Now that my memoir is becoming more of a reality, with sections of my manuscript getting closer and closer to completion, it’s provided opportunities for our family to talk about what happened two decades ago in ways that we couldn’t back then, as we stumbled through it.
Matt was eleven when he was diagnosed with a brain tumor. Steve was six.
Now they’re adults, 31 and 26, respectively, and our family is exploring parts of our mutual story that are just now coming to light. My writing, and Matt’s, have been the catalyst.
This past Easter weekend, both sons were hanging out in our living room during some down time before we went out to dinner. Steve slouched in the faux leather club chair, his leg slung over the high arm (my favorite position as well.) Matt sat on the red couch in front of the window.
Matt had asked me to look over some of his recent writing, so I sat next to him on the couch to share the laptop screen. He had written about some of the most difficult aspects of his recovery. I knew some of it, from a mother’s perspective, but I didn’t know how he experienced it.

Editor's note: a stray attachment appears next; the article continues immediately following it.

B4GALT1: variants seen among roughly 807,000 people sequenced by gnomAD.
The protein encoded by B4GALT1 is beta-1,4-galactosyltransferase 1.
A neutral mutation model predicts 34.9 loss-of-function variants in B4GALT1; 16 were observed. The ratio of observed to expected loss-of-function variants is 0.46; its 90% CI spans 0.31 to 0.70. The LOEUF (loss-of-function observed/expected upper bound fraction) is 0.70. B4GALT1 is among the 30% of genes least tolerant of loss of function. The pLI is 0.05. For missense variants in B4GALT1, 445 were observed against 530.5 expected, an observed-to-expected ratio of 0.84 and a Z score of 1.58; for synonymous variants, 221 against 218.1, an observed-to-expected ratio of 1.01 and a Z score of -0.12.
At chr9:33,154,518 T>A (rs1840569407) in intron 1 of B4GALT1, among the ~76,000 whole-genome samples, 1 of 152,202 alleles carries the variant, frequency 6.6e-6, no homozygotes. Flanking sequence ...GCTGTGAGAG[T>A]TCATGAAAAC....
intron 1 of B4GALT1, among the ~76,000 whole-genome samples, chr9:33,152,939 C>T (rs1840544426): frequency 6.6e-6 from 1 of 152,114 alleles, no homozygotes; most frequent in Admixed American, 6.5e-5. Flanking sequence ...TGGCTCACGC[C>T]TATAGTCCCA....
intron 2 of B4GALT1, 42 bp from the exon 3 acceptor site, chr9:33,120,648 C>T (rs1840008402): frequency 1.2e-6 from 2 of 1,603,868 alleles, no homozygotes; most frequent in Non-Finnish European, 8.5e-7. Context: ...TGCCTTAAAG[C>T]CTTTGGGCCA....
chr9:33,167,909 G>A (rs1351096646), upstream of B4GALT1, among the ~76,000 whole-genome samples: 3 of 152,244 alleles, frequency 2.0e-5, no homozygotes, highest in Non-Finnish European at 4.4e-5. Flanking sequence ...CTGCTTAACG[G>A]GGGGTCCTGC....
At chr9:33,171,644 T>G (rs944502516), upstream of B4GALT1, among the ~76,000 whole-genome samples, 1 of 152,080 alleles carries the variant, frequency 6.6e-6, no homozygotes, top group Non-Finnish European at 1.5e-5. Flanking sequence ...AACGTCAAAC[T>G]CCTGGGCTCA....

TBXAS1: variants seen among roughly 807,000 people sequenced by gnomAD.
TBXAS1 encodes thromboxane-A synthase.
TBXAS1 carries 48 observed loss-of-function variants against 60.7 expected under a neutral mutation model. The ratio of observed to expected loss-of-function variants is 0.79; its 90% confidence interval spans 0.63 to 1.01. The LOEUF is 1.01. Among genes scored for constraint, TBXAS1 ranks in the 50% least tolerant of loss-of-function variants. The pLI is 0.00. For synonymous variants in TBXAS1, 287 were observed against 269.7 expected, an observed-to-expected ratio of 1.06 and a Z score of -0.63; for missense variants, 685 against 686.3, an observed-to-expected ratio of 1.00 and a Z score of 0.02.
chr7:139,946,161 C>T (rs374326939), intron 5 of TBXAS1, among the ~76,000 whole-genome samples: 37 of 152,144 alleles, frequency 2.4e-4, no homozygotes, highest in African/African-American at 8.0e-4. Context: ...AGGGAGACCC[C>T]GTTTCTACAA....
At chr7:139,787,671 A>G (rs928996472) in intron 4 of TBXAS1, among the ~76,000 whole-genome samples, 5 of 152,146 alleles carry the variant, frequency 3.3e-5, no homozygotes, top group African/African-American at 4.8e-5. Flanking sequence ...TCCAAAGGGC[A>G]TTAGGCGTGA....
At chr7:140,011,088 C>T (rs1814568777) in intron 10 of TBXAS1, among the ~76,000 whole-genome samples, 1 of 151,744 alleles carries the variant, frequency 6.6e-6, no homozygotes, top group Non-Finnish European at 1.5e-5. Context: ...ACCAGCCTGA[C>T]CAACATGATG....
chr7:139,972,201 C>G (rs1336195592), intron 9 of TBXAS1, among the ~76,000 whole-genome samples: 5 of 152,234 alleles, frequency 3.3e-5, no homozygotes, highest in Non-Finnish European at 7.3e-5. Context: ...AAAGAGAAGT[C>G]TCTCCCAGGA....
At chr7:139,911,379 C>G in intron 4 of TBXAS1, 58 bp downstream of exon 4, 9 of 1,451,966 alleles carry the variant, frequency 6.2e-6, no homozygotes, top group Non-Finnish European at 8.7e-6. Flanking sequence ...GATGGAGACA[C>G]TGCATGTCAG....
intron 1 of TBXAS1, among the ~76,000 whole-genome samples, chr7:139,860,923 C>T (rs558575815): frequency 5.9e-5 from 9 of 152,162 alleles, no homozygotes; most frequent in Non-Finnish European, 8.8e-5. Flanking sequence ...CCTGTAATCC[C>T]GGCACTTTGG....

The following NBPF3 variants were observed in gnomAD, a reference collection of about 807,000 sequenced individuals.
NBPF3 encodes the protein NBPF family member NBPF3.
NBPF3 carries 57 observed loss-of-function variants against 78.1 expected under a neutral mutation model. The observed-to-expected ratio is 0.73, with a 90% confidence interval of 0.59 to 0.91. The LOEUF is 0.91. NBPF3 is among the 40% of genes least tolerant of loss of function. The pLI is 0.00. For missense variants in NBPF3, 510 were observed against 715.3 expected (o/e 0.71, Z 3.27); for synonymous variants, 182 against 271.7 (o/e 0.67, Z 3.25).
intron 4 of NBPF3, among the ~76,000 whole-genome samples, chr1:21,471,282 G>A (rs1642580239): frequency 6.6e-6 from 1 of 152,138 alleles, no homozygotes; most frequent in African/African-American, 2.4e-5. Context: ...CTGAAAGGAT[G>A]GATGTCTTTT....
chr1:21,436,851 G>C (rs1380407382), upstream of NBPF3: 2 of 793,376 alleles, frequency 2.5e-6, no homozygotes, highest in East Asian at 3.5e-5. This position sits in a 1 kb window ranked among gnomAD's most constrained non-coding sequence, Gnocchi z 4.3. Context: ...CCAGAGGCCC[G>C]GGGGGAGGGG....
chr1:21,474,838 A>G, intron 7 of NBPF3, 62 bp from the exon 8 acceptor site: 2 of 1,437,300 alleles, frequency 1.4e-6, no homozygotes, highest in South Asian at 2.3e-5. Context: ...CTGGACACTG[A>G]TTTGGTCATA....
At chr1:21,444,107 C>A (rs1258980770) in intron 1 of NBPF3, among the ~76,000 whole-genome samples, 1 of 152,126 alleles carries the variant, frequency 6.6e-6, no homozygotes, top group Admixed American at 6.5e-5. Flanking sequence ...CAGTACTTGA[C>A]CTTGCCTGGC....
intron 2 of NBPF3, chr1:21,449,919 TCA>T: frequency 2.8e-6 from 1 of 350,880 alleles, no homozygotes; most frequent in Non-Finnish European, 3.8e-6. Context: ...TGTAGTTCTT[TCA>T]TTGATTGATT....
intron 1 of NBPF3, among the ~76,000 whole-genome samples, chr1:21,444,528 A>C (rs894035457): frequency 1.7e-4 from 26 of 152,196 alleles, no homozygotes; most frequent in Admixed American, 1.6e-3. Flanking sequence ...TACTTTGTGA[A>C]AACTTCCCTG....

Wow. Not only is Matt’s writing powerful, but I am even more in awe of his fortitude and determination to get to where he is today.
Steve didn’t say much. When he was a kid, we tried to protect him from the drama as much as possible, and I guess we were successful, as he didn’t know anything about the scene in question. “Holy shit,” he must have been thinking.
Matt isn’t ready to share his recent writing, but if you haven’t seen his previous essay about his diagnosis day, you can read it here.
I believe as a family, we’re learning to appreciate each other more as we share our stories of those many, many difficult days.
And I appreciate the simple gift of sitting in the living room with my guys, all of us present, all of us healthy, enjoying an ordinary day. What a blessing.